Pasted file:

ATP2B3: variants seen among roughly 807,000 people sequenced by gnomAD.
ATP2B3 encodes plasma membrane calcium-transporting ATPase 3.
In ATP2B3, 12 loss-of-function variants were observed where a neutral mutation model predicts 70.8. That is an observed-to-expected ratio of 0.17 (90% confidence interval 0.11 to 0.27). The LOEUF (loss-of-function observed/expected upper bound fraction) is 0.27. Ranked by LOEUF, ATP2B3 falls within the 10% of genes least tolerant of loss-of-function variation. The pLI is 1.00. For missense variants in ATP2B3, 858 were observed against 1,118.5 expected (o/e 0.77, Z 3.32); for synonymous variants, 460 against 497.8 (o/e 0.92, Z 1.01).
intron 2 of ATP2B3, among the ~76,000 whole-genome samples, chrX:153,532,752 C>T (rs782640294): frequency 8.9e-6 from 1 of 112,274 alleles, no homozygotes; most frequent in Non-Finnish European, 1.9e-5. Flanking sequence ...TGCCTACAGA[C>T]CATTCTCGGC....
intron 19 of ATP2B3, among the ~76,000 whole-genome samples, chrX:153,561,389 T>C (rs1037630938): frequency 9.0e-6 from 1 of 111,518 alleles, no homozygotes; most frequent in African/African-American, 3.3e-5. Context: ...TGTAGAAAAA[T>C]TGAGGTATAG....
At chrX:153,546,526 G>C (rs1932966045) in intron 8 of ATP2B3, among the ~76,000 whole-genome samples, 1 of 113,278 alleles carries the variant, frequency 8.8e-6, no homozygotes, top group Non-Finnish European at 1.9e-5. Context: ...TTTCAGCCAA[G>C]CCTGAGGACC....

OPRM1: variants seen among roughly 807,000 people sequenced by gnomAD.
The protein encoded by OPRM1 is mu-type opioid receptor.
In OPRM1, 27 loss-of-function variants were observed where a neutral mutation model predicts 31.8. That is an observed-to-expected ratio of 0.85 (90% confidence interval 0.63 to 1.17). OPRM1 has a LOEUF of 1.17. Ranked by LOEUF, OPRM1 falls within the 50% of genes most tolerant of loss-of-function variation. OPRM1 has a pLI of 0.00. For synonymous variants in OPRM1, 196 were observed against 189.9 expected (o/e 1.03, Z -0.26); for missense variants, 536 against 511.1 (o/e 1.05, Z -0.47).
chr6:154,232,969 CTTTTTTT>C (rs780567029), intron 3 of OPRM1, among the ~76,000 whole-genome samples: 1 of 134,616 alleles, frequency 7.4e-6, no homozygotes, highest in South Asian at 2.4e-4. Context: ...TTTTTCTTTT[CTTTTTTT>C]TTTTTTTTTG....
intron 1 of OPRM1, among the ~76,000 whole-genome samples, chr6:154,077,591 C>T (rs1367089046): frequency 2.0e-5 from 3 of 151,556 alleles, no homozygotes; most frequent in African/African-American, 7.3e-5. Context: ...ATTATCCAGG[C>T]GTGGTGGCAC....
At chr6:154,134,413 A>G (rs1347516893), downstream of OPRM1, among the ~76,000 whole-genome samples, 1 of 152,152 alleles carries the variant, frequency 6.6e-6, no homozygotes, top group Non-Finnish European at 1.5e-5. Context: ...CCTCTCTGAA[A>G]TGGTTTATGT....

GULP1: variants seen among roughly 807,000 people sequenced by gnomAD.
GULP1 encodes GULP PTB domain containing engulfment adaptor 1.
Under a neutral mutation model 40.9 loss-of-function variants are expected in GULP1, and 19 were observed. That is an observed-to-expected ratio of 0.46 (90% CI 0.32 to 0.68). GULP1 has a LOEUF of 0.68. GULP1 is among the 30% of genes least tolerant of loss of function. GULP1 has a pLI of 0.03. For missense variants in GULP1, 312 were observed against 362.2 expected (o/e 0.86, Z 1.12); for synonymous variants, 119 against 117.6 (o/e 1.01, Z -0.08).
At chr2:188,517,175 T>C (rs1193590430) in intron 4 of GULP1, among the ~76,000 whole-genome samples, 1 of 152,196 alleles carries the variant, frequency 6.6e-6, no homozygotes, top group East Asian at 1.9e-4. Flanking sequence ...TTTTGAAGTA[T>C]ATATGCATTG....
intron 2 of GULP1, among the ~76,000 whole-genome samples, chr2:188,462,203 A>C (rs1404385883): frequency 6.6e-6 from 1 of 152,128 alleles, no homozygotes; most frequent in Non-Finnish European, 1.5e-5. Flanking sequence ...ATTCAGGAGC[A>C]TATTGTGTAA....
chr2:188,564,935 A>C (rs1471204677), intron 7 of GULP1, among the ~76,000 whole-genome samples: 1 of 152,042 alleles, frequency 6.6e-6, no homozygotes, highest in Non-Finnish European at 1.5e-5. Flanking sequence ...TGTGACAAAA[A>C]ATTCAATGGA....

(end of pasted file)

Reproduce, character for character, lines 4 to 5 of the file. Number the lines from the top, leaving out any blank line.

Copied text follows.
intron 2 of ATP2B3, among the ~76,000 whole-genome samples, chrX:153,532,752 C>T (rs782640294): frequency 8.9e-6 from 1 of 112,274 alleles, no homozygotes; most frequent in Non-Finnish European, 1.9e-5. Flanking sequence ...TGCCTACAGA[C>T]CATTCTCGGC....
intron 19 of ATP2B3, among the ~76,000 whole-genome samples, chrX:153,561,389 T>C (rs1037630938): frequency 9.0e-6 from 1 of 111,518 alleles, no homozygotes; most frequent in African/African-American, 3.3e-5. Context: ...TGTAGAAAAA[T>C]TGAGGTATAG....